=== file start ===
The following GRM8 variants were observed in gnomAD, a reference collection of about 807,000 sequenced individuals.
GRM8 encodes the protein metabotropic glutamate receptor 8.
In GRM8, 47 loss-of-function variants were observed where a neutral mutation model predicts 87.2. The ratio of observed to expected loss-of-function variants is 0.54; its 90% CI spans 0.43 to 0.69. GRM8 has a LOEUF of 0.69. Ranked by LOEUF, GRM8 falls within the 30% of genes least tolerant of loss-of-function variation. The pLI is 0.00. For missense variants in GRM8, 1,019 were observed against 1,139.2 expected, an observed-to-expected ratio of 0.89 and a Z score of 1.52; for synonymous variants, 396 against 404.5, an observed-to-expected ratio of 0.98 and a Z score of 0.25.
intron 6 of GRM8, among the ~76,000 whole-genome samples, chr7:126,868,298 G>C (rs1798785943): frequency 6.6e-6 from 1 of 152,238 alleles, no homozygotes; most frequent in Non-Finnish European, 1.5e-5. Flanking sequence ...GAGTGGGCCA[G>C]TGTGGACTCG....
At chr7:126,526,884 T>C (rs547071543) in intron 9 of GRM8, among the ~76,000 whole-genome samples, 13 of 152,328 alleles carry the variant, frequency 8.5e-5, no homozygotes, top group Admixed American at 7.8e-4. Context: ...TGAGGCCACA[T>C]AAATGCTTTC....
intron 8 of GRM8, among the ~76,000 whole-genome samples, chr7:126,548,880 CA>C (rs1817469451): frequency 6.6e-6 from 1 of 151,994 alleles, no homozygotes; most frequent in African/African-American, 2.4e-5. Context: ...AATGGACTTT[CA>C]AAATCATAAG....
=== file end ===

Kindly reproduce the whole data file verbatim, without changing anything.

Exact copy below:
The following GRM8 variants were observed in gnomAD, a reference collection of about 807,000 sequenced individuals.
GRM8 encodes the protein metabotropic glutamate receptor 8.
In GRM8, 47 loss-of-function variants were observed where a neutral mutation model predicts 87.2. The ratio of observed to expected loss-of-function variants is 0.54; its 90% CI spans 0.43 to 0.69. GRM8 has a LOEUF of 0.69. Ranked by LOEUF, GRM8 falls within the 30% of genes least tolerant of loss-of-function variation. The pLI is 0.00. For missense variants in GRM8, 1,019 were observed against 1,139.2 expected, an observed-to-expected ratio of 0.89 and a Z score of 1.52; for synonymous variants, 396 against 404.5, an observed-to-expected ratio of 0.98 and a Z score of 0.25.
intron 6 of GRM8, among the ~76,000 whole-genome samples, chr7:126,868,298 G>C (rs1798785943): frequency 6.6e-6 from 1 of 152,238 alleles, no homozygotes; most frequent in Non-Finnish European, 1.5e-5. Flanking sequence ...GAGTGGGCCA[G>C]TGTGGACTCG....
At chr7:126,526,884 T>C (rs547071543) in intron 9 of GRM8, among the ~76,000 whole-genome samples, 13 of 152,328 alleles carry the variant, frequency 8.5e-5, no homozygotes, top group Admixed American at 7.8e-4. Context: ...TGAGGCCACA[T>C]AAATGCTTTC....
intron 8 of GRM8, among the ~76,000 whole-genome samples, chr7:126,548,880 CA>C (rs1817469451): frequency 6.6e-6 from 1 of 151,994 alleles, no homozygotes; most frequent in African/African-American, 2.4e-5. Context: ...AATGGACTTT[CA>C]AAATCATAAG....